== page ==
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With everything going on, it’s a lot to take in. Many of us may feel confused. Or alone, or anxious or scared...and in isolation, some of us may just feel bored, or that you don’t know what to do with yourself without your normal routine. It’s perfectly normal to be feeling any of these things. Our emotional well-being is challenged everyday whether we realise it or not, but our lives are usually filled with distractions. Now with constantly changing COVID coverage, we are all adjusting to this new normal and the feelings that come with it. But here’s the good thing (because right now we need to hear good things, right?): Yes, there is isolation and physical distancing, but there doesn’t have to be loneliness. There are resources that can help us all through this process, and ways that YOU can become one of those resources. @crisistextline @giveusashoutinsta @kidshelpphone and CTL Ireland are organisations that need new volunteers now more than ever and have an open door for you to get the support you need. • - If you’re home and feeling bored, you can digitally train to be a counselor and HELP someone who really needs your support! What an amazing way to use this time • - If you feel alone, overwhelmed, depressed, or anxious, you can text one of these lines and talk it through. • - If you are in an abusive relationship and now find yourself in isolation with your abuser, these counselors are there for you. You do not need to suffer in silence. And for those of you who don’t feel comfortable texting with a stranger, reach out to your friends, family and colleagues. Phone calls and video conferencing are such a great way to feel more connected - ask if they’re okay, tell them how you’re (actually) feeling, and use this time to really listen for the answer. If there is someone you know and are worried about, your text may be the thing that saves their life.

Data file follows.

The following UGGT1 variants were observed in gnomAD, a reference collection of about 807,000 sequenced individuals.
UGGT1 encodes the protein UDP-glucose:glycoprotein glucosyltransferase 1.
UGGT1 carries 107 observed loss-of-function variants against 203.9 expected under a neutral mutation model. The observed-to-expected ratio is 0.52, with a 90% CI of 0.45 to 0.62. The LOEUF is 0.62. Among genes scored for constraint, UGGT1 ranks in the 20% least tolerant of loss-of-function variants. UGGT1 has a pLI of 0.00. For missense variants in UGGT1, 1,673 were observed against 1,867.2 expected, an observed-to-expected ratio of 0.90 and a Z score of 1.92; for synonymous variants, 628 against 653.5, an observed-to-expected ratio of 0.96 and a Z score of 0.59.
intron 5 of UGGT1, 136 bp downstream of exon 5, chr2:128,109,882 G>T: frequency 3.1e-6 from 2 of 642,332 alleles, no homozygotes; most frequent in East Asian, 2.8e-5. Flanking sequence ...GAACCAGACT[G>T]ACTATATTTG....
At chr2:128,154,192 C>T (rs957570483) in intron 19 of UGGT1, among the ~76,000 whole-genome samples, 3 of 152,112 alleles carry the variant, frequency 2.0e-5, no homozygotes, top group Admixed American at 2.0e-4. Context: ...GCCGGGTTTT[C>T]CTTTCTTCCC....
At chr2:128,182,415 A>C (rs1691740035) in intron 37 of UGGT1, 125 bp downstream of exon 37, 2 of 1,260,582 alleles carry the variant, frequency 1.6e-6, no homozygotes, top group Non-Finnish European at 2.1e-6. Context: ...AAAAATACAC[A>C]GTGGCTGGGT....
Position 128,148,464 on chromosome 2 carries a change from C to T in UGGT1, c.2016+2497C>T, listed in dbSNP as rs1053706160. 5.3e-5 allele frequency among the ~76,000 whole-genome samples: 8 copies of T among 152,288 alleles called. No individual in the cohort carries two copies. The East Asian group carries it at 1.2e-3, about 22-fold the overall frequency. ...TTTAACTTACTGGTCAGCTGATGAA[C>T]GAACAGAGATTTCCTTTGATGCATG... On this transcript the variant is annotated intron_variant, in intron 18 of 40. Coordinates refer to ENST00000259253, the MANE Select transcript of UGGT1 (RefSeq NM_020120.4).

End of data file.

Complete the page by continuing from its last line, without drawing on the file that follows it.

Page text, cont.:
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Princess Beatrice

The novel coronavirus has forced Princess Beatrice — the eldest daughter of Prince Andrew — to cancel her upcoming wedding plans with real estate developer Edoardo Mapelli Mozzi. The couple announced their engagement in September and will postpone the wedding reception at Buckingham Palace until 2021. The occasion was originally slated to take place in May, but the couple is "particularly conscious of government advice in relation to both the wellbeing of older family members and large gatherings of people," a spokesperson said in a statement. Instead, the princess and her fiancé are considering a private marriage among a small group of friends and family.

Princess Eugenie

Although Princess Eugenie hasn't shared many details of her whereabouts on social media, the younger sister to Beatrice is sharing some vital information about local hospitals and relief efforts hoping to tackle coronavirus. On her personal Instagram page, Princess Eugenie shared funding efforts to help first responders at The Royal National Orthopedic Hospital. "The purpose of the fund is to help their frontline clinical staff in any way possible – from providing meals, to purchasing essential equipment items, to supporting mental health in a time of crisis," she wrote.

Prince Edward & Sophie

Prince Edward and Sophie, the Countess of Wessex, have both cancelled scheduled events due to the spread of coronavirus. The Countess took some time to send a thoughtful message to parents and caregivers, with the help of their 16-year-old daughter Lady Louise.
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"For parents and carers, it can be a daunting time to help our children and young people through this period of uncertainty but please don’t feel alone," the Countess said from the Royal Family Instagram. "Make use of the resources out there and the fantastic digital communities that are sharing and supporting them." Sophie also drew attention to organisations, like the National Autistic Society for their work funding social care during the pandemic.

Princess Anne

Princess Royal Anne, the only daughter of Queen Elizabeth II and Prince Philip could not be swayed from completing her royal duties. The 69-year-old princess was spotted earlier this month visiting the Addington Equestrian Centre in Buckingham as vice patron of the British Horse Society. The British Horse Society said it was taking measures to ensure the safety of its 300 visitors, stating it provided additional hand sanitisers and encouraged attendees to wash their hands. Still, some people were not thrilled that the event was not cancelled amid the pandemic.